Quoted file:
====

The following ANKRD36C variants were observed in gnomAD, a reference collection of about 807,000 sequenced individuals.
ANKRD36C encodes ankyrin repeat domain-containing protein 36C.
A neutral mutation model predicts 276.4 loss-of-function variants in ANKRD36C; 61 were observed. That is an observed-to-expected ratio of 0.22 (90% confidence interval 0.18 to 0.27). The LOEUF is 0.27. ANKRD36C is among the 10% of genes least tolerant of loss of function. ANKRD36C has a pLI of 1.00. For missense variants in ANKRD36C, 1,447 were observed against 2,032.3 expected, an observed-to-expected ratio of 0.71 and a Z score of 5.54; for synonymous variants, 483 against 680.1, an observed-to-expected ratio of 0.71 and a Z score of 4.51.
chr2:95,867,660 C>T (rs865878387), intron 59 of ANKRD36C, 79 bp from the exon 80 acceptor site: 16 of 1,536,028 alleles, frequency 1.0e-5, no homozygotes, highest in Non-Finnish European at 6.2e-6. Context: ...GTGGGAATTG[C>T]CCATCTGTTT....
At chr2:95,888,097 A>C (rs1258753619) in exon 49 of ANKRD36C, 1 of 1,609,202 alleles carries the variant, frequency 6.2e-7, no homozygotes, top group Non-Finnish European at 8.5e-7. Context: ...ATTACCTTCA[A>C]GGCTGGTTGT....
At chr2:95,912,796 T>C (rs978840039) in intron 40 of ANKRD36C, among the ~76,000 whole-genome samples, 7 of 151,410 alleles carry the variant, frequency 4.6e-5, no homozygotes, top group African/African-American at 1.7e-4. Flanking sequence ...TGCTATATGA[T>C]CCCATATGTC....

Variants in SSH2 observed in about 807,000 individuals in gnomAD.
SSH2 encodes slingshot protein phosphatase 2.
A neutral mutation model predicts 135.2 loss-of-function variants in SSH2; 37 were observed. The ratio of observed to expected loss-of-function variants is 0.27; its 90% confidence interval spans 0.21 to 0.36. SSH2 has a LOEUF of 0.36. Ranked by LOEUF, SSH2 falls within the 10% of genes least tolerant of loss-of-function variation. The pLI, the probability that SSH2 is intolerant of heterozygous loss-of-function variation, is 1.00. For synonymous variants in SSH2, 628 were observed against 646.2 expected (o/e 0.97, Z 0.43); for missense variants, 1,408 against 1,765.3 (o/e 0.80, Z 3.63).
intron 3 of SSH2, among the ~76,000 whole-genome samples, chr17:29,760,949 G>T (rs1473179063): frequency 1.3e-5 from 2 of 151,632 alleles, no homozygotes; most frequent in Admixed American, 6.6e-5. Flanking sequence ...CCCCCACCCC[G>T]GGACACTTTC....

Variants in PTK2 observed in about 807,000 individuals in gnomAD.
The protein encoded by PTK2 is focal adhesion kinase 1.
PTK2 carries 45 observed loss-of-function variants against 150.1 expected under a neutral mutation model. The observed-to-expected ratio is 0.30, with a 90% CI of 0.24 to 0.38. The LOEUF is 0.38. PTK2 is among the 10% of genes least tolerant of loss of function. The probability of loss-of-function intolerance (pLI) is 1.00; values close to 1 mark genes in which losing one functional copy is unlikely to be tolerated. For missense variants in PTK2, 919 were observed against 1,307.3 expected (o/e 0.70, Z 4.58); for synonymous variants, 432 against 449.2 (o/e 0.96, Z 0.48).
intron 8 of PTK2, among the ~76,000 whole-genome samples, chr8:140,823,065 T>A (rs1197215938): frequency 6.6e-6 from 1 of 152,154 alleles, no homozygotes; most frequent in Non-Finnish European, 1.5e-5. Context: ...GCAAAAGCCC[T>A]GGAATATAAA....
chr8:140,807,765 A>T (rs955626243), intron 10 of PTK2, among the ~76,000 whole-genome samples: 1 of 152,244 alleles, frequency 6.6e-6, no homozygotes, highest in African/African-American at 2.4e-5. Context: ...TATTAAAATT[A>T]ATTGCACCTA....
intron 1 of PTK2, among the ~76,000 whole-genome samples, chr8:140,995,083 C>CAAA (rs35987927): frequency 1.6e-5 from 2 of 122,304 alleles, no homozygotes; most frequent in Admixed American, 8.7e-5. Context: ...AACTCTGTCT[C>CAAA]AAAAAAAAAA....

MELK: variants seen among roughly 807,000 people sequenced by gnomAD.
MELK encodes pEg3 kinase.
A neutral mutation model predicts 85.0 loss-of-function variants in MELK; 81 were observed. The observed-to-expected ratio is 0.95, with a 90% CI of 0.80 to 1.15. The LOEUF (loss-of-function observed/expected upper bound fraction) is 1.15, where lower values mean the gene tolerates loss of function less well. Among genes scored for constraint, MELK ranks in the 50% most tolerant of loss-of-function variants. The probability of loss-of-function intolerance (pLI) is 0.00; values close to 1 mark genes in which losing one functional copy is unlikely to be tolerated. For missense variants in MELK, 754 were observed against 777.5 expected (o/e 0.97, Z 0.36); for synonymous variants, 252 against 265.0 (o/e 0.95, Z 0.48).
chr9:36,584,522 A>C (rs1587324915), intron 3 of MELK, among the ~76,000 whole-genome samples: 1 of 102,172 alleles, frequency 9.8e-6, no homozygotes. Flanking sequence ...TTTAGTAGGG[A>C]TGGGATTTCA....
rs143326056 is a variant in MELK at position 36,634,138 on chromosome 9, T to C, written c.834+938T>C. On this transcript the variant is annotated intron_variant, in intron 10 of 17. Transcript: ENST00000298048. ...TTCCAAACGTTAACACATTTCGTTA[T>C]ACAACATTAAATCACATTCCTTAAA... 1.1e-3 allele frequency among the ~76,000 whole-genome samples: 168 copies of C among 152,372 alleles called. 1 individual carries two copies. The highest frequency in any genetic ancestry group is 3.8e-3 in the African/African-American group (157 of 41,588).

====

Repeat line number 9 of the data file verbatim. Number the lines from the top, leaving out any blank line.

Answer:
A neutral mutation model predicts 135.2 loss-of-function variants in SSH2; 37 were observed. The ratio of observed to expected loss-of-function variants is 0.27; its 90% confidence interval spans 0.21 to 0.36. SSH2 has a LOEUF of 0.36. Ranked by LOEUF, SSH2 falls within the 10% of genes least tolerant of loss-of-function variation. The pLI, the probability that SSH2 is intolerant of heterozygous loss-of-function variation, is 1.00. For synonymous variants in SSH2, 628 were observed against 646.2 expected (o/e 0.97, Z 0.43); for missense variants, 1,408 against 1,765.3 (o/e 0.80, Z 3.63).